California 120

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California 120

Routing

California 120 is a major east-west route that connects Interstate 5 near Manteca in the Central Valley with U.S. 6 near the Nevada State Line. The state highway travels through the Central Valley, foothills, and the Sierra Nevada (Tioga Pass) via Yosemite National Park. Starting as a four-lane freeway near the eastern terminus of Interstate 205, California 120 provides a continuation of the east-west freeway corridor from Interstate 205 and Interstate 580 in the Bay Area across the Central Valley into the Sierra Nevada foothills. At California 99, California 120 reduces to a two-lane rural highway, but it carries significant traffic, including commuter traffic to and from the Bay Area. California 120 joins with California 108 at Oakdale, and those two routes continue together for 26 miles, one of the longest signed state route multiplexes in the state. Much of this shared route is a four-lane expressway. While most traffic continues east along California 108 toward Sonora at the route split, many also turn off along California 120 to travel toward Yosemite National Park. California 120 turns southeast toward Chinese Camp, then climbs a lengthy, twisty grade on the way to Groveland and the western entrance into Yosemite National Park.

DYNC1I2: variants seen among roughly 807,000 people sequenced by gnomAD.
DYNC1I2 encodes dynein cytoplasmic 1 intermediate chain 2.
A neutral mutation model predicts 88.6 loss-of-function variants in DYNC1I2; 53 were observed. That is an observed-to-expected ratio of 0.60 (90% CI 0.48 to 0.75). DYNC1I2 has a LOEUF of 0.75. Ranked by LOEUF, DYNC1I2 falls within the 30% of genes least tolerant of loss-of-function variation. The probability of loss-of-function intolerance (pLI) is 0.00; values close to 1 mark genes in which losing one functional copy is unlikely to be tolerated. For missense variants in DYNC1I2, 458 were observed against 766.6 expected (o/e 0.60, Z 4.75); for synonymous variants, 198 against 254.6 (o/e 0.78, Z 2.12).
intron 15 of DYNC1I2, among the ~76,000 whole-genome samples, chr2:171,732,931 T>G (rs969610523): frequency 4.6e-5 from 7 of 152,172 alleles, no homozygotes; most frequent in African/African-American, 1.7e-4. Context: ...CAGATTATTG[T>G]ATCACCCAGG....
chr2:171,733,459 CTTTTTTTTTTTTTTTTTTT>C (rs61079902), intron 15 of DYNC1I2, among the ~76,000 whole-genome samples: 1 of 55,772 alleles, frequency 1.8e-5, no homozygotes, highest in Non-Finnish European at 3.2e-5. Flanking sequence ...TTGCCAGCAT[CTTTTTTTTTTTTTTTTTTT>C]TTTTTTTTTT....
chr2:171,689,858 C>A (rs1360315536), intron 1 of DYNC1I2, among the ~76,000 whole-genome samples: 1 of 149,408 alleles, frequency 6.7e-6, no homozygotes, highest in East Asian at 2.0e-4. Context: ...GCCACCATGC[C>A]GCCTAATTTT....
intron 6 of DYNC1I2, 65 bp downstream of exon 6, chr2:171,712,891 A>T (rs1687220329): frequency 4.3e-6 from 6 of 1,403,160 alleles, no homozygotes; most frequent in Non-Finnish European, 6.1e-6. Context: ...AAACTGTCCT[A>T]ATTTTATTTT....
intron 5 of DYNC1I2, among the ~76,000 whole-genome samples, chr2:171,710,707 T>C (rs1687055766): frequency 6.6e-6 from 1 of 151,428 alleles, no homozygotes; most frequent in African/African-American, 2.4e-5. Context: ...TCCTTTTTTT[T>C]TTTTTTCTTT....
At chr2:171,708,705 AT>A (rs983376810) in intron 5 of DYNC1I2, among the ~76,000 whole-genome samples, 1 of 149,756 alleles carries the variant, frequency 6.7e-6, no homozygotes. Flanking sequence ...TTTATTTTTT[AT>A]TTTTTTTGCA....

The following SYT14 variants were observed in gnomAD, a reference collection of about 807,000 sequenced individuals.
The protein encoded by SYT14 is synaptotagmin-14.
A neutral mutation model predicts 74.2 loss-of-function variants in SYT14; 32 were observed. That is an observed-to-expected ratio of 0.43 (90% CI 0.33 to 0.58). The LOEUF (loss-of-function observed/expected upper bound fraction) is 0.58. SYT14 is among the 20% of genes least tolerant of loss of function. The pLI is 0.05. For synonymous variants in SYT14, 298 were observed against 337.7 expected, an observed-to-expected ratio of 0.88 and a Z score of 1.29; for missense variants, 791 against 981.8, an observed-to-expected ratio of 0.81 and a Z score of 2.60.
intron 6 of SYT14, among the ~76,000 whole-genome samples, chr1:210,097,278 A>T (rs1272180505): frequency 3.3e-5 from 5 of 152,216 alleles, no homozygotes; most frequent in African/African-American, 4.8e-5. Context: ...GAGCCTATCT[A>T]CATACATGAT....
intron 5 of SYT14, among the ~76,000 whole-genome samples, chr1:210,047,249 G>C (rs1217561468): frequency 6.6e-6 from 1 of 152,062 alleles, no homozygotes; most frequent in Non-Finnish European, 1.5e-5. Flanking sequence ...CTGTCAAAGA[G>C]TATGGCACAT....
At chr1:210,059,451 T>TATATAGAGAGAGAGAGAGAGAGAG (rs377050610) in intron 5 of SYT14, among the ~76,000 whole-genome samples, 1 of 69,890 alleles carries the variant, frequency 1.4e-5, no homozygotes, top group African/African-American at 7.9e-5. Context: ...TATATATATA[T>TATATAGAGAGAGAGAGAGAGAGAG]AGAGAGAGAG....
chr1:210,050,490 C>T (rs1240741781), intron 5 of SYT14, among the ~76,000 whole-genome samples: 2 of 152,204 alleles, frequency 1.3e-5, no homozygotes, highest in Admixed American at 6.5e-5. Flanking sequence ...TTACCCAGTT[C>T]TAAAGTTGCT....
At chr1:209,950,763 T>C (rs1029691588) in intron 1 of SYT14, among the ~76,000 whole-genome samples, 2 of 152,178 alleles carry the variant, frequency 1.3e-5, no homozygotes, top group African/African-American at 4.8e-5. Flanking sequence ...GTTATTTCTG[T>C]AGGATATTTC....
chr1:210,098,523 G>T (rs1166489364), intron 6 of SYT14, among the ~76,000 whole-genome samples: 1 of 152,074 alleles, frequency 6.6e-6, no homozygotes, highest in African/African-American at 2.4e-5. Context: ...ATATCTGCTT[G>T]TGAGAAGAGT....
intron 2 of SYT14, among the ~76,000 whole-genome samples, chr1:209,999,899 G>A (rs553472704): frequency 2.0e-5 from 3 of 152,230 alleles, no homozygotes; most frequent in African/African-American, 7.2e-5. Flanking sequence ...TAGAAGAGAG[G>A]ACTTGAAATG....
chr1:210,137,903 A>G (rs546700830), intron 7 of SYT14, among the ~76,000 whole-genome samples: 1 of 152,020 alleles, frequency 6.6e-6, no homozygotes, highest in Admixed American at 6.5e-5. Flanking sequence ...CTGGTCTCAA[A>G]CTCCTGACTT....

At Yosemite National Park, California 120 has a route break, since Tioga Pass Road is maintained by the National Park Service. The drive through the park along Tioga Pass Road is spectacular, crossing Tuolumne Meadows en route to Tioga Pass, elevation 9,945 feet above sea level. This route is closed during winter. At the pass, the park road leaves Yosemite National Park, resumes state maintenance, and begins a rapid descent of the eastern face of the Sierra Nevada, a common feature of most trans-Sierra routes. California 120 meets U.S. 395 near Lee Vining and within view of Mono Lake, and the highway skirts the Mono National Forest en route to meet with U.S. 6 at Benton, within view of Boundary Peak, which straddles the state line between California and Nevada and is the tallest mountain in Nevada.

Highway Guide

California 120 east